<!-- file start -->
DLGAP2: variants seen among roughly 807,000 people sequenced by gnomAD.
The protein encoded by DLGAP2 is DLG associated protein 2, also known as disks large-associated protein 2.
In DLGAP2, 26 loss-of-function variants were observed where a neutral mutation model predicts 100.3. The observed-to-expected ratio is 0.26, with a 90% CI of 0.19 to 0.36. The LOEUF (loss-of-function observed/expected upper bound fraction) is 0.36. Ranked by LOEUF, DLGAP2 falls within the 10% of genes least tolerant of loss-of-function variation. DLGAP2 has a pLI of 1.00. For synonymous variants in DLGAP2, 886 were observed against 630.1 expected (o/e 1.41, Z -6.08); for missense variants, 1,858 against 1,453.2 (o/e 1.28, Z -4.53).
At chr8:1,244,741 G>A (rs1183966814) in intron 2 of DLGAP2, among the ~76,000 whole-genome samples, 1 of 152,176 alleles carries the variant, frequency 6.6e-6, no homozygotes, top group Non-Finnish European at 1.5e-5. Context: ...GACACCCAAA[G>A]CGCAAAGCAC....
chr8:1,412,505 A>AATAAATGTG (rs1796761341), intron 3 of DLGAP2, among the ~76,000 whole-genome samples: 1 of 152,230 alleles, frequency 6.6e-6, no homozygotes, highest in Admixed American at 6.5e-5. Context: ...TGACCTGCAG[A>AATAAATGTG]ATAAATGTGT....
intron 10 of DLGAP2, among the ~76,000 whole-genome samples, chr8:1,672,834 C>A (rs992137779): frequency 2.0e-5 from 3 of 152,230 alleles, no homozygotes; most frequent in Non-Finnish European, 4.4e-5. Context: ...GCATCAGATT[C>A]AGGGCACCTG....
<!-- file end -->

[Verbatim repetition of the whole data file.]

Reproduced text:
DLGAP2: variants seen among roughly 807,000 people sequenced by gnomAD.
The protein encoded by DLGAP2 is DLG associated protein 2, also known as disks large-associated protein 2.
In DLGAP2, 26 loss-of-function variants were observed where a neutral mutation model predicts 100.3. The observed-to-expected ratio is 0.26, with a 90% CI of 0.19 to 0.36. The LOEUF (loss-of-function observed/expected upper bound fraction) is 0.36. Ranked by LOEUF, DLGAP2 falls within the 10% of genes least tolerant of loss-of-function variation. DLGAP2 has a pLI of 1.00. For synonymous variants in DLGAP2, 886 were observed against 630.1 expected (o/e 1.41, Z -6.08); for missense variants, 1,858 against 1,453.2 (o/e 1.28, Z -4.53).
At chr8:1,244,741 G>A (rs1183966814) in intron 2 of DLGAP2, among the ~76,000 whole-genome samples, 1 of 152,176 alleles carries the variant, frequency 6.6e-6, no homozygotes, top group Non-Finnish European at 1.5e-5. Context: ...GACACCCAAA[G>A]CGCAAAGCAC....
chr8:1,412,505 A>AATAAATGTG (rs1796761341), intron 3 of DLGAP2, among the ~76,000 whole-genome samples: 1 of 152,230 alleles, frequency 6.6e-6, no homozygotes, highest in Admixed American at 6.5e-5. Context: ...TGACCTGCAG[A>AATAAATGTG]ATAAATGTGT....
intron 10 of DLGAP2, among the ~76,000 whole-genome samples, chr8:1,672,834 C>A (rs992137779): frequency 2.0e-5 from 3 of 152,230 alleles, no homozygotes; most frequent in Non-Finnish European, 4.4e-5. Context: ...GCATCAGATT[C>A]AGGGCACCTG....